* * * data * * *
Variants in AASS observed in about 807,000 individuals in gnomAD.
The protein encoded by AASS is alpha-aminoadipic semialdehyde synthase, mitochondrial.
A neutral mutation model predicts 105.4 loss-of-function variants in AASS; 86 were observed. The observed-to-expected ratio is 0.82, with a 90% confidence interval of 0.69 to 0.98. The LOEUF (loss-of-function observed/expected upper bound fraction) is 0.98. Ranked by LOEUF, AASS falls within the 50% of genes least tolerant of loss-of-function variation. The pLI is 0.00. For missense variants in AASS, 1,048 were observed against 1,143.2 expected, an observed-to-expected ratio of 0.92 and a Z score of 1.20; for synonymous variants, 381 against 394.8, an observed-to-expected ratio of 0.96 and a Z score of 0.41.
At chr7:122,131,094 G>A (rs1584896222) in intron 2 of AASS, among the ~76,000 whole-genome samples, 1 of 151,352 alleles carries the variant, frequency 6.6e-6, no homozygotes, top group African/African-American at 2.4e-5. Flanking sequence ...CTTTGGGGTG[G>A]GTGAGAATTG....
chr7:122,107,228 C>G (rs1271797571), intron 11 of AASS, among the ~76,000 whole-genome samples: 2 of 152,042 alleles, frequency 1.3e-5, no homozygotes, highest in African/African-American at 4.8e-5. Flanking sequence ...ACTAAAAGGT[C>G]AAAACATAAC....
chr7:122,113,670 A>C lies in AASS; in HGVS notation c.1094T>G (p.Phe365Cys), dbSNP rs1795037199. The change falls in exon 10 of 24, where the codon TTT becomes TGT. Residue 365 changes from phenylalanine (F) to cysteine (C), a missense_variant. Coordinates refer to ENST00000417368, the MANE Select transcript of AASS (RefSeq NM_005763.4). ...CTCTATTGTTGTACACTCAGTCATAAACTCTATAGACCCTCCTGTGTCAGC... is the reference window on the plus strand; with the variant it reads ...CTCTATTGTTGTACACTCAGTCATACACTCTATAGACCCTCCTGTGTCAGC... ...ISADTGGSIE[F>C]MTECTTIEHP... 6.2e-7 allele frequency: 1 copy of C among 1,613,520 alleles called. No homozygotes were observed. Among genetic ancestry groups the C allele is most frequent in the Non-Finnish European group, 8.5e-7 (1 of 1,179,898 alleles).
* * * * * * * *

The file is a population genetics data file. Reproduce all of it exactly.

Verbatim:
Variants in AASS observed in about 807,000 individuals in gnomAD.
The protein encoded by AASS is alpha-aminoadipic semialdehyde synthase, mitochondrial.
A neutral mutation model predicts 105.4 loss-of-function variants in AASS; 86 were observed. The observed-to-expected ratio is 0.82, with a 90% confidence interval of 0.69 to 0.98. The LOEUF (loss-of-function observed/expected upper bound fraction) is 0.98. Ranked by LOEUF, AASS falls within the 50% of genes least tolerant of loss-of-function variation. The pLI is 0.00. For missense variants in AASS, 1,048 were observed against 1,143.2 expected, an observed-to-expected ratio of 0.92 and a Z score of 1.20; for synonymous variants, 381 against 394.8, an observed-to-expected ratio of 0.96 and a Z score of 0.41.
At chr7:122,131,094 G>A (rs1584896222) in intron 2 of AASS, among the ~76,000 whole-genome samples, 1 of 151,352 alleles carries the variant, frequency 6.6e-6, no homozygotes, top group African/African-American at 2.4e-5. Flanking sequence ...CTTTGGGGTG[G>A]GTGAGAATTG....
chr7:122,107,228 C>G (rs1271797571), intron 11 of AASS, among the ~76,000 whole-genome samples: 2 of 152,042 alleles, frequency 1.3e-5, no homozygotes, highest in African/African-American at 4.8e-5. Flanking sequence ...ACTAAAAGGT[C>G]AAAACATAAC....
chr7:122,113,670 A>C lies in AASS; in HGVS notation c.1094T>G (p.Phe365Cys), dbSNP rs1795037199. The change falls in exon 10 of 24, where the codon TTT becomes TGT. Residue 365 changes from phenylalanine (F) to cysteine (C), a missense_variant. Coordinates refer to ENST00000417368, the MANE Select transcript of AASS (RefSeq NM_005763.4). ...CTCTATTGTTGTACACTCAGTCATAAACTCTATAGACCCTCCTGTGTCAGC... is the reference window on the plus strand; with the variant it reads ...CTCTATTGTTGTACACTCAGTCATACACTCTATAGACCCTCCTGTGTCAGC... ...ISADTGGSIE[F>C]MTECTTIEHP... 6.2e-7 allele frequency: 1 copy of C among 1,613,520 alleles called. No homozygotes were observed. Among genetic ancestry groups the C allele is most frequent in the Non-Finnish European group, 8.5e-7 (1 of 1,179,898 alleles).